Treatment includes psychological, social, and educational intervention to increase structure and stability to home and school environments. Use specialized educational techniques, such as short and frequently repeated instructions, immediate reinforcement for learning, and minimization of classroom distractions.

Use psychostimulants, such as methylphenidate (>6yr old), dextroamphetamine (>3yrs old), and modafinil. Medications will reduce hyperactivity, inattention, and impulsivity. Newer medication includes atomoxetine (very safe). These may use drug holidays where medications are given during the school year and not during the summer. Reassessment is needed to see medications are still needed.

Other medications include antidepressants and clonidine.

Attention-deficit/hyperactivity disorder. In: Diagnostic and Statistical Manual of Mental Disorders DSM-5. 5th ed. Arlington, Va.: American Psychiatric Association; 2013. https://dsm.psychiatryonline.org. Accessed Jan. 26, 2019.

Attention-deficit/hyperactivity disorder. National Institute of Mental Health. https://www.nimh.nih.gov/health/topics/attention-deficit-hyperactivity-disorder-adhd/index.shtml. Accessed Jan 26, 2019.

Brown A. Allscripts EPSi. Mayo Clinic, Rochester, Minn. Oct. 9, 2018.

Information about Mental Illness and the Brain https://www.ncbi.nlm.nih.gov/books/NBK20369/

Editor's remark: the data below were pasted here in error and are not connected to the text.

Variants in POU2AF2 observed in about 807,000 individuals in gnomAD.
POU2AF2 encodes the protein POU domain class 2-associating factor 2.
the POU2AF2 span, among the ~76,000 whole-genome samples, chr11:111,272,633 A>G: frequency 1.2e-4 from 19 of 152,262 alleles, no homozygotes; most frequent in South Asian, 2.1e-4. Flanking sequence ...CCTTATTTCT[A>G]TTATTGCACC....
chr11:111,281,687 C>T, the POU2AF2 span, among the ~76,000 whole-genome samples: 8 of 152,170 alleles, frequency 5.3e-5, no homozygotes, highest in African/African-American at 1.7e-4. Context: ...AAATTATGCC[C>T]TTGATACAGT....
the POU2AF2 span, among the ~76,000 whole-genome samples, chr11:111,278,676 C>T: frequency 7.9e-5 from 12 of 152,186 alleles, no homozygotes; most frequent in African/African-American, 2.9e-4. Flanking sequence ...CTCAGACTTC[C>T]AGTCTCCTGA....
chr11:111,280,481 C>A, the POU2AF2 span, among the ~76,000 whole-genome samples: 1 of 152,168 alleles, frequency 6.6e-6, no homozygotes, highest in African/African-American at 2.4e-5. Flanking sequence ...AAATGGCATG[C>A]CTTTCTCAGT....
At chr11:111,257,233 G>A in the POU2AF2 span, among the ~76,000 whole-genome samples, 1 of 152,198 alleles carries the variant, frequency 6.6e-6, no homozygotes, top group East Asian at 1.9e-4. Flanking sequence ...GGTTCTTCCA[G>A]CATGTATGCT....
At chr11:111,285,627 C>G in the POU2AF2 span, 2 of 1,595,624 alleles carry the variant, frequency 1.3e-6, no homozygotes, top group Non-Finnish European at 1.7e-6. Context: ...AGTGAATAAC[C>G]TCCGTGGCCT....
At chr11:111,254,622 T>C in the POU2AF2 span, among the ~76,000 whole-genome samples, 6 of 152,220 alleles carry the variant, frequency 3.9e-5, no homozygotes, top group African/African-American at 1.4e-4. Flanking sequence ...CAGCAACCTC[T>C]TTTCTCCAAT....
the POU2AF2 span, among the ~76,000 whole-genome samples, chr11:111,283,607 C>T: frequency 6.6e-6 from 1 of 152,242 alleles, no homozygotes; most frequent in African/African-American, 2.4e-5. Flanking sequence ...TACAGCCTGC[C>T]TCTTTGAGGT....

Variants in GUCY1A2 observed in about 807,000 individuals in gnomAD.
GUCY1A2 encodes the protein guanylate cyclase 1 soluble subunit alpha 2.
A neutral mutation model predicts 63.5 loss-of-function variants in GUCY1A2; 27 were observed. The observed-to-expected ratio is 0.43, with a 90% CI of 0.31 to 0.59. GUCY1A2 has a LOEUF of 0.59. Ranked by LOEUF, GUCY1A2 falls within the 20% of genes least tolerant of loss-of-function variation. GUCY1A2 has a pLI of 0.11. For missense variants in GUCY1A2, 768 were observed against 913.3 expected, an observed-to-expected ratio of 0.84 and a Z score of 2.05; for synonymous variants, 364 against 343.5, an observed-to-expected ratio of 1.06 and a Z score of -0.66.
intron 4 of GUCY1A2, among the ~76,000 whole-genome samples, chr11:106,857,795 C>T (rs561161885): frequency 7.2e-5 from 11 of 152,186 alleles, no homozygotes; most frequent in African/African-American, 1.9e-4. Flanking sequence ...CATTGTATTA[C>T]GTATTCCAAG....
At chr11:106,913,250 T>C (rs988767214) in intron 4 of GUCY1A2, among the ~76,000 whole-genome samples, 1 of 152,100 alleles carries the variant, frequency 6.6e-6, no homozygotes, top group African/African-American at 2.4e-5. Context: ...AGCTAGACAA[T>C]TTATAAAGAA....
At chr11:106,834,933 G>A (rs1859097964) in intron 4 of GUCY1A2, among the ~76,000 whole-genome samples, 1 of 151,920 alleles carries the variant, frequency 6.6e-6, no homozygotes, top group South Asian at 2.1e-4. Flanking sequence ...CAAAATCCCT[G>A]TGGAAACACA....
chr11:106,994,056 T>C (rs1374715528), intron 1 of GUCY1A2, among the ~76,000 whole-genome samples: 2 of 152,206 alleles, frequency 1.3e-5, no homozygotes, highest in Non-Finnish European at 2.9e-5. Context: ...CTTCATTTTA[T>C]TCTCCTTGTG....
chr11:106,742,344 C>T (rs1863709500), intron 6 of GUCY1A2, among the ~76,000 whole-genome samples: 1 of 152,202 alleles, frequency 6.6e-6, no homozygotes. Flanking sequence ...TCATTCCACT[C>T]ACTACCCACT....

Aggression refers to threatening behavior that could result in physical injury. Aggressive behavior can take many forms, such as verbal or physical violence, and it includes actions directed toward other people and animals.

The cause of aggression is hard to pinpoint because there are so many contributing factors, including environment, mental health conditions and the presence of drugs or alcohol. Doctors often look at whether there’s a history of abuse in order to determine if someone has an underlying condition such as post-traumatic stress disorder or borderline personality disorder.

The DSM-IV defines aggression as “A response that is intended to inflict damage or harm on another individual”. Aggression can be either physical or verbal and may include destruction of property. The DSM-IV classifies four different types of aggressive behavior: